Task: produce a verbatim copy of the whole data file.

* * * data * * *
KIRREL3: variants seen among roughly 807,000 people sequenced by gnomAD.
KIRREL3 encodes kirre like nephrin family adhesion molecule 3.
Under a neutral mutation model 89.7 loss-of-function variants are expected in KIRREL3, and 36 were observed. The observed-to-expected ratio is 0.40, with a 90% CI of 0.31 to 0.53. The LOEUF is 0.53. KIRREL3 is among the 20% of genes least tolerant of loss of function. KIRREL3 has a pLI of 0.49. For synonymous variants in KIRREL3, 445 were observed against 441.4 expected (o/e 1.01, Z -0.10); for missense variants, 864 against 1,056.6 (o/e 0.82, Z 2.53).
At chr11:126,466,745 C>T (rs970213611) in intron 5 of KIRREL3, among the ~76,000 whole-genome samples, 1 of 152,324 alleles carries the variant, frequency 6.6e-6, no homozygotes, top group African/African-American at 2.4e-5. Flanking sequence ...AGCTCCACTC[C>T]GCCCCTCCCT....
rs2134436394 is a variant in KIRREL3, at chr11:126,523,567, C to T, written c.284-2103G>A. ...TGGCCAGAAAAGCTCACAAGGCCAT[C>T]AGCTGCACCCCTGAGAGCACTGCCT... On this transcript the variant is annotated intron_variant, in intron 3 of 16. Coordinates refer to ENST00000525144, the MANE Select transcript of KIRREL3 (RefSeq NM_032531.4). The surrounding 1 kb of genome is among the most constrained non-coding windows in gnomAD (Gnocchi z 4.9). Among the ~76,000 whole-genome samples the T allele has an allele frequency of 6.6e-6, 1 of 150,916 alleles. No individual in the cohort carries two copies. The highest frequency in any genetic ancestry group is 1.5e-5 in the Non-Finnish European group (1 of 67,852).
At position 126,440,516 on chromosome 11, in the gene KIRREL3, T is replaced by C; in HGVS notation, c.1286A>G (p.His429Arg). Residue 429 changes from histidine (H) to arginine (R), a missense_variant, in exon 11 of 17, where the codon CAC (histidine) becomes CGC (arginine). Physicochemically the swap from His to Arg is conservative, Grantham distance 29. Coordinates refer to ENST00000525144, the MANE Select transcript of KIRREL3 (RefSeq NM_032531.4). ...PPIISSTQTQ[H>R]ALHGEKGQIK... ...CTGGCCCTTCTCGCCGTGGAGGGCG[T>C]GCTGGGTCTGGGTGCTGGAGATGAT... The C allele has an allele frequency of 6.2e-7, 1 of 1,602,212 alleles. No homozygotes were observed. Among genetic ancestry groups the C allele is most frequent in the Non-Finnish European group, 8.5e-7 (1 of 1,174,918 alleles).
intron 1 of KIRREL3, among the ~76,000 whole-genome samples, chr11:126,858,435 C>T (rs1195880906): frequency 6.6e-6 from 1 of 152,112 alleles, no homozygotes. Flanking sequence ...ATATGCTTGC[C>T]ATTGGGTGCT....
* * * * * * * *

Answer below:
KIRREL3: variants seen among roughly 807,000 people sequenced by gnomAD.
KIRREL3 encodes kirre like nephrin family adhesion molecule 3.
Under a neutral mutation model 89.7 loss-of-function variants are expected in KIRREL3, and 36 were observed. The observed-to-expected ratio is 0.40, with a 90% CI of 0.31 to 0.53. The LOEUF is 0.53. KIRREL3 is among the 20% of genes least tolerant of loss of function. KIRREL3 has a pLI of 0.49. For synonymous variants in KIRREL3, 445 were observed against 441.4 expected (o/e 1.01, Z -0.10); for missense variants, 864 against 1,056.6 (o/e 0.82, Z 2.53).
At chr11:126,466,745 C>T (rs970213611) in intron 5 of KIRREL3, among the ~76,000 whole-genome samples, 1 of 152,324 alleles carries the variant, frequency 6.6e-6, no homozygotes, top group African/African-American at 2.4e-5. Flanking sequence ...AGCTCCACTC[C>T]GCCCCTCCCT....
rs2134436394 is a variant in KIRREL3, at chr11:126,523,567, C to T, written c.284-2103G>A. ...TGGCCAGAAAAGCTCACAAGGCCAT[C>T]AGCTGCACCCCTGAGAGCACTGCCT... On this transcript the variant is annotated intron_variant, in intron 3 of 16. Coordinates refer to ENST00000525144, the MANE Select transcript of KIRREL3 (RefSeq NM_032531.4). The surrounding 1 kb of genome is among the most constrained non-coding windows in gnomAD (Gnocchi z 4.9). Among the ~76,000 whole-genome samples the T allele has an allele frequency of 6.6e-6, 1 of 150,916 alleles. No individual in the cohort carries two copies. The highest frequency in any genetic ancestry group is 1.5e-5 in the Non-Finnish European group (1 of 67,852).
At position 126,440,516 on chromosome 11, in the gene KIRREL3, T is replaced by C; in HGVS notation, c.1286A>G (p.His429Arg). Residue 429 changes from histidine (H) to arginine (R), a missense_variant, in exon 11 of 17, where the codon CAC (histidine) becomes CGC (arginine). Physicochemically the swap from His to Arg is conservative, Grantham distance 29. Coordinates refer to ENST00000525144, the MANE Select transcript of KIRREL3 (RefSeq NM_032531.4). ...PPIISSTQTQ[H>R]ALHGEKGQIK... ...CTGGCCCTTCTCGCCGTGGAGGGCG[T>C]GCTGGGTCTGGGTGCTGGAGATGAT... The C allele has an allele frequency of 6.2e-7, 1 of 1,602,212 alleles. No homozygotes were observed. Among genetic ancestry groups the C allele is most frequent in the Non-Finnish European group, 8.5e-7 (1 of 1,174,918 alleles).
intron 1 of KIRREL3, among the ~76,000 whole-genome samples, chr11:126,858,435 C>T (rs1195880906): frequency 6.6e-6 from 1 of 152,112 alleles, no homozygotes. Flanking sequence ...ATATGCTTGC[C>T]ATTGGGTGCT....